DENVER — Colorado Governor Jared Polis tweeted a photo of himself posing with a pit bull days after Mayor Michael Hancock vetoed a bill that would repeal a ban of the breed in Denver.
Polis tweeted the photo Sunday night with the caption, "Freda, a friend’s new pit bull rescue pup, joined us at the governors mansion in Denver tonight (shhhh)." Hancock responded with a tweet of his own that said, "Wow!!" The governor tweeted back with a meme of Scooby Doo saying “Ruh Roh.”
On Monday, Feb. 10, Denver City Council voted to overturn the 30-year-old pit bull ban by a 7-4 vote. Friday, Mayor Hancock issued the veto. The veto became the first he'd ever issued since he took office in 2011.
The governor's office told 9NEWS that the puppy was only visiting, and while Polis might not agree with the mayor's decision, the post was meant to be light-hearted:
“The Governor was having some family time at the governor's mansion on Sunday, and his friend just got a puppy and brought her over. The governor's children love puppies and were delighted. He has held several adoption fairs at the mansion and looks forward to helping find forever homes for more dogs and cats. Unfortunately, what was meant as a light-hearted post came at a sensitive time. The Governor respects that there are hard decisions to be made and has faith that even if he might not agree with every local government decision, the Mayor and City Council did what they believe [is] the best thing for Denver.”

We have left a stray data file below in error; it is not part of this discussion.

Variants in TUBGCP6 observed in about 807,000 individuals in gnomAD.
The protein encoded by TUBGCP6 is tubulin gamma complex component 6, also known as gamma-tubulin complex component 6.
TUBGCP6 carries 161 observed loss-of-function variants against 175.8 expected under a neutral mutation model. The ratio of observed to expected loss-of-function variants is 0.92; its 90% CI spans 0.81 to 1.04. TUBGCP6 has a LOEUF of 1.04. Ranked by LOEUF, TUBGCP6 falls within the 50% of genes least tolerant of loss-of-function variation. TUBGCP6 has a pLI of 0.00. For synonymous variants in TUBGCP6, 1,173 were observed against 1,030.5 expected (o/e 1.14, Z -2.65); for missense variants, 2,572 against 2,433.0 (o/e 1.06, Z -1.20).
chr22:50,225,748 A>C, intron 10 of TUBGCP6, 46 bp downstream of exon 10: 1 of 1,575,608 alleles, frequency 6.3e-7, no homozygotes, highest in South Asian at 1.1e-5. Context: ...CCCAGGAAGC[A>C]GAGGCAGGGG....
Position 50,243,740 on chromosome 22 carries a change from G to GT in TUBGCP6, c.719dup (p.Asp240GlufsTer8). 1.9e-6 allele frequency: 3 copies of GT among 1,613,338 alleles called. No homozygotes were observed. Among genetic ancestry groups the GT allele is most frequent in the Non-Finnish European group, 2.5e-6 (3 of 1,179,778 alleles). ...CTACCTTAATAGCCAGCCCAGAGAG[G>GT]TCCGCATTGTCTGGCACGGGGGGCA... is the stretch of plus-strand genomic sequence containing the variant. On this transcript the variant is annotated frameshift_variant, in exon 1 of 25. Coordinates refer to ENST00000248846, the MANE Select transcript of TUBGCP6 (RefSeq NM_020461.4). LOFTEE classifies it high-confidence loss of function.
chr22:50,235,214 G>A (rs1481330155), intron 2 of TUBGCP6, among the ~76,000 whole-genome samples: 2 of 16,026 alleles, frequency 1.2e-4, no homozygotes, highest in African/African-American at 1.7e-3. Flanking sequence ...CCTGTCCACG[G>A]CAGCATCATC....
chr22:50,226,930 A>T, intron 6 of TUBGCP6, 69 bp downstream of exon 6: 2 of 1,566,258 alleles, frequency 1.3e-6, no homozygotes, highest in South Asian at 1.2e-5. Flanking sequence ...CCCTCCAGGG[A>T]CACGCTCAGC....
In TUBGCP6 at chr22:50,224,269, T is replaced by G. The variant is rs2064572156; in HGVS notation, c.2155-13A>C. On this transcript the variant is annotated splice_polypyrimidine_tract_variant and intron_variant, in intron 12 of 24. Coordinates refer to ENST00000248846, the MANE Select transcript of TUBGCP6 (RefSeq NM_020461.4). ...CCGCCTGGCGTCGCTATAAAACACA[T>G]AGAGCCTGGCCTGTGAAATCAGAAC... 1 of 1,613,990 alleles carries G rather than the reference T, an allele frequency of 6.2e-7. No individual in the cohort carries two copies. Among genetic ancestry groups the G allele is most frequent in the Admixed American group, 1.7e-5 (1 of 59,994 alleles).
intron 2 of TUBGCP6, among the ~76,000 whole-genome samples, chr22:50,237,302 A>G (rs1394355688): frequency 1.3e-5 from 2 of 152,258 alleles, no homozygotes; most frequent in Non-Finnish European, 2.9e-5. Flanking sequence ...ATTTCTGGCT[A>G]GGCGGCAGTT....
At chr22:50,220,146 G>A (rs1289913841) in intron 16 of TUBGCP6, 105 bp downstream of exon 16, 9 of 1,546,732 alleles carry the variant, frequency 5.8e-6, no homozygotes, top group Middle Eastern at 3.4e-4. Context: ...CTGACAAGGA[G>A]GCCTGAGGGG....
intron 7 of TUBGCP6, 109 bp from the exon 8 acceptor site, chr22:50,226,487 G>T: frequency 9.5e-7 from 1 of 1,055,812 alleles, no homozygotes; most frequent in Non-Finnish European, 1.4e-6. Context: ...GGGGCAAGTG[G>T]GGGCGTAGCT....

One person on Twitter tried to bring Polis' tweet to the attention of the Denver Police Department (DPD). However, in the event that this puppy actually lived at the governor's mansion, DPD wouldn't burst in to issue a citation.
If an illegal breed is reported, officers with Denver Animal Protection (DAP), which is in charge of policing breed bans, would go to the address and assess whether the dog really is a pit bull. But in this case, the dog is too young. Puppies, like the one the governor is pictured holding, are not developed enough to show pit bull characteristics, the Denver Department of Public Health and Environment said.
DAP will not investigate until the dog is at least 10-months-old.
The bill the mayor vetoed is not yet completely off the table. It will now head back to Denver City Council on Tuesday. The council will need nine votes to override the mayor's veto.
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